Thomas Porter (Vermont politician)

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Thomas Porter (February 15, 1734 May 30, 1833) was a Connecticut and Vermont military and political figure who served as Speaker of the Vermont House of Representatives.

Connecticut state of the United States of America

Connecticut is the southernmost state in the New England region of the United States. As of the 2010 Census, it has the highest per-capita income, Human Development Index (0.962), and median household income in the United States. It is bordered by Rhode Island to the east, Massachusetts to the north, New York to the west, and Long Island Sound to the south. Its capital is Hartford and its most populous city is Bridgeport. It is part of New England, although portions of it are often grouped with New York and New Jersey as the Tri-state area. The state is named for the Connecticut River which approximately bisects the state. The word "Connecticut" is derived from various anglicized spellings of an Algonquian word for "long tidal river".

Vermont State of the United States of America

Vermont is a state in the New England region of the northeastern United States. It borders the U.S. states of Massachusetts to the south, New Hampshire to the east, New York to the west, and the Canadian province of Quebec to the north. Vermont is the second-smallest by population and the sixth-smallest by area of the 50 U.S. states. The state capital is Montpelier, the least populous state capital in the United States. The most populous city, Burlington, is the least populous city to be the most populous city in a state. As of 2015, Vermont was the leading producer of maple syrup in the United States. It was ranked as the safest state in the country in 2016.

Vermont House of Representatives

The Vermont House of Representatives is the lower house of the Vermont General Assembly, the state legislature of the U.S. state of Vermont. The House comprises 150 members, with each member representing around 4,100 citizens. Representatives are elected to a two-year term without term limits.

Biography

Thomas Porter was born in Farmington, Connecticut Colony, on February 15, 1734 and became a farmer in Cornwall. He served with the British during the French and Indian War and held several local offices, including member of the Connecticut House of Representatives. [1] [2]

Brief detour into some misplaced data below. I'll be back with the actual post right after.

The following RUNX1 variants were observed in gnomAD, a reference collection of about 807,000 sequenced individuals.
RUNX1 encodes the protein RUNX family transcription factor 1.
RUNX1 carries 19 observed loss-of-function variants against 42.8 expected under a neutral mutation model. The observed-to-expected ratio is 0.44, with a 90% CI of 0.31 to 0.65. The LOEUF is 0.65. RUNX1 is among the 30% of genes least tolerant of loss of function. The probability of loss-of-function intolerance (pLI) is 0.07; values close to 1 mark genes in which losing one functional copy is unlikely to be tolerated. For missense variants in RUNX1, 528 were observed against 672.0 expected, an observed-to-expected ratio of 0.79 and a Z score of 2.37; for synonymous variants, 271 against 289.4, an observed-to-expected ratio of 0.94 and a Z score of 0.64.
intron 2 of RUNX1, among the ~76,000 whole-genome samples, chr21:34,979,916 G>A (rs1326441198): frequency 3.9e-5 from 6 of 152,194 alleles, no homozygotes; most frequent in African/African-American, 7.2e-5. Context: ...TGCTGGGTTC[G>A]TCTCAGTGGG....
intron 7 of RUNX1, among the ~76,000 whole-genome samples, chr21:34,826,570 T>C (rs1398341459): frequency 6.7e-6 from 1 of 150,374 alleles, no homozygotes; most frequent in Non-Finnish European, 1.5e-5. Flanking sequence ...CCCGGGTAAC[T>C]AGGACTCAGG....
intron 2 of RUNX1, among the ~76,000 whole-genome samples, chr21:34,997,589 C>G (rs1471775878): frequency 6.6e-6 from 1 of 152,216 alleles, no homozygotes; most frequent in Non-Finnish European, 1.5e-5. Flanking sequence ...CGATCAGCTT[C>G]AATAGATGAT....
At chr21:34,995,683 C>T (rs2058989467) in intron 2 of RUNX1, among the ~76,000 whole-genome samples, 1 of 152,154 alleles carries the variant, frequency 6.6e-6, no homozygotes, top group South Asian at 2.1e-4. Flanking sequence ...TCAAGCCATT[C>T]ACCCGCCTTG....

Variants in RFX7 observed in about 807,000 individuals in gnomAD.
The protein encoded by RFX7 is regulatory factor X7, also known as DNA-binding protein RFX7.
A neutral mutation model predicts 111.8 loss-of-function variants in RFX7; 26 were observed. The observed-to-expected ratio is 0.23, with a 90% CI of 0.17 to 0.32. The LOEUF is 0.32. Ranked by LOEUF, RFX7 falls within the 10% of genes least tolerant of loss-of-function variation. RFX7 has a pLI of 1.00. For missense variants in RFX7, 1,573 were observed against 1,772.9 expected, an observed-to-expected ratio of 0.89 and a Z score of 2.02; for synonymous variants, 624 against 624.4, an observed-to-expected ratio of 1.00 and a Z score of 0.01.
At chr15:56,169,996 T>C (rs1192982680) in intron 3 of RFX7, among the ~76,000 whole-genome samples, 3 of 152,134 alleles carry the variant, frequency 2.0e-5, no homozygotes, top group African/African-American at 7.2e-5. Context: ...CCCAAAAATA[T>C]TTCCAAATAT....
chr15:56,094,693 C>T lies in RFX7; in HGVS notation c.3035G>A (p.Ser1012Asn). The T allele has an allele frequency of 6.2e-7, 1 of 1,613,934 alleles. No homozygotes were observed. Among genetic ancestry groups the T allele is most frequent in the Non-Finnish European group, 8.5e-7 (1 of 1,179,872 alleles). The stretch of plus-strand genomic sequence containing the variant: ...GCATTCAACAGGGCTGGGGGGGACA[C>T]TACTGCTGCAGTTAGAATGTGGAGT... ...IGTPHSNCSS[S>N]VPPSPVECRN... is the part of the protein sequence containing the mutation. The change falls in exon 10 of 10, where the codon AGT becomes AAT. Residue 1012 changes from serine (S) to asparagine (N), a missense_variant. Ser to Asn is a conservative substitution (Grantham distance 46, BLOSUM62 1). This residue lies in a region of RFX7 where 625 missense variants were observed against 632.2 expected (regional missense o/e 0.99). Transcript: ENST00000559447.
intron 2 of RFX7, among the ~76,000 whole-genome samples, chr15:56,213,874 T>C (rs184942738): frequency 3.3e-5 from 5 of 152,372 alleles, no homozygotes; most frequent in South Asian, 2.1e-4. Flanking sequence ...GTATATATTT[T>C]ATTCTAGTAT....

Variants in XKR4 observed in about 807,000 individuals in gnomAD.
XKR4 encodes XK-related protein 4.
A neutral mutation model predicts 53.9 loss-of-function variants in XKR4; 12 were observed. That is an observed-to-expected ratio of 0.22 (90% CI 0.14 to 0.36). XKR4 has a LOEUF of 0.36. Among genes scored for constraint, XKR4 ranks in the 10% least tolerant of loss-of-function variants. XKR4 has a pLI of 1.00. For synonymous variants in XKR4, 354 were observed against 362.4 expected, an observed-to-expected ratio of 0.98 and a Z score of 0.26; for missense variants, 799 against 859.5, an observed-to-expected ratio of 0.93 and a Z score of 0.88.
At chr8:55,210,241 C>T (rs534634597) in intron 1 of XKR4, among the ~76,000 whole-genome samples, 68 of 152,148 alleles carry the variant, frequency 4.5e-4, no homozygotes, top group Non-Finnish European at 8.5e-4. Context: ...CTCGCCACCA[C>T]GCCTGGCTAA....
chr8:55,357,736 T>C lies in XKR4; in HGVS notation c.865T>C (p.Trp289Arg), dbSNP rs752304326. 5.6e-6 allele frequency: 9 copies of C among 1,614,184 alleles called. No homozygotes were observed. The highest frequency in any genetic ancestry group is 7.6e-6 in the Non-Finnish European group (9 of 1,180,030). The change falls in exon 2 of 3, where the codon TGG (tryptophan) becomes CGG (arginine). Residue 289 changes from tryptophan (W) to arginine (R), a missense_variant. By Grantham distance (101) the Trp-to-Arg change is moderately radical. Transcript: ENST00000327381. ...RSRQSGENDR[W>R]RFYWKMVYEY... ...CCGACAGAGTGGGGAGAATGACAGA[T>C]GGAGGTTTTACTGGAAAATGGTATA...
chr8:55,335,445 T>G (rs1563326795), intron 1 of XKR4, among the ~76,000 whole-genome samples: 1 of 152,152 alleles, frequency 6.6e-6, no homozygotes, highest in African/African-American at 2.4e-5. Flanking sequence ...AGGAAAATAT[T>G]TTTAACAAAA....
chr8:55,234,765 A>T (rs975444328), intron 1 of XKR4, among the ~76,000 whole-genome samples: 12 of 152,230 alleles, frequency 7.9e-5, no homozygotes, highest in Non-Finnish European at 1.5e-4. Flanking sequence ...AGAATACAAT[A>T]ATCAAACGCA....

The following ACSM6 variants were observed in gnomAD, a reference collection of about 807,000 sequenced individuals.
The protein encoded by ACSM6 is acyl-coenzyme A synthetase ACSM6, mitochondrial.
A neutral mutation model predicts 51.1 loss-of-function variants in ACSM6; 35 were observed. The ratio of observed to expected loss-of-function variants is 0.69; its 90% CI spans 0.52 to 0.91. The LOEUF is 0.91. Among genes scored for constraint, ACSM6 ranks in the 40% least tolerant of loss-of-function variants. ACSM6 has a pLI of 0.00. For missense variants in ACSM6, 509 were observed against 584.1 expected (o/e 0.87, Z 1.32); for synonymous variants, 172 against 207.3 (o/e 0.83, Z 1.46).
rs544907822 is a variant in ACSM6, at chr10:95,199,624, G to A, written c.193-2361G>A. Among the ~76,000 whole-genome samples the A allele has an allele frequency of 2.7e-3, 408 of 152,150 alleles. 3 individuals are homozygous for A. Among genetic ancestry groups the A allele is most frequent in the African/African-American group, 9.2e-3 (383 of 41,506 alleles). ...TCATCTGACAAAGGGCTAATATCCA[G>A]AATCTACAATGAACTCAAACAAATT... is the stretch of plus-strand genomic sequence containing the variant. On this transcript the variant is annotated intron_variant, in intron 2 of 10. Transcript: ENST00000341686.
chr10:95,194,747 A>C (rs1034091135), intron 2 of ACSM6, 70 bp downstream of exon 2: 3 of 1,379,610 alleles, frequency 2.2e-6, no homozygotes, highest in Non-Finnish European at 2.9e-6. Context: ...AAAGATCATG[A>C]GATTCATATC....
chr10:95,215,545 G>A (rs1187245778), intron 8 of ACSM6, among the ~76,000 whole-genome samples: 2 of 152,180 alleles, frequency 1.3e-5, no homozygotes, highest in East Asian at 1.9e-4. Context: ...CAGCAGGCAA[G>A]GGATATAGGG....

Farmington, Connecticut Town in Connecticut, United States

Farmington is a town in Hartford County in the Farmington Valley area of central Connecticut in the United States. The population was 25,340 at the 2010 census. It sits 10 miles west of Hartford at the hub of major I-84 interchanges, 20 miles south of Bradley International Airport and 2-hours by car from NYC and Boston. It is home to the world headquarters of several large corporations including United Technologies, Otis Elevator Company, and Carvel. The northwest section of Farmington has a Unionville suburban neighborhood.

Connecticut Colony English, from 1707, British, possession in North America between 1636 and 1776

The Connecticut Colony or Colony of Connecticut, originally known as the Connecticut River Colony or simply the River Colony, was an English colony in North America that became the state of Connecticut. It was organized on March 3, 1636 as a settlement for a Puritan congregation, and the English permanently gained control of the region in 1637 after struggles with the Dutch. The colony was later the scene of a bloody war between the colonists and Pequot Indians known as the Pequot War. Connecticut Colony played a significant role in the establishment of self-government in the New World with its refusal to surrender local authority to the Dominion of New England, an event known as the Charter Oak incident which occurred at Jeremy Adams' inn and tavern.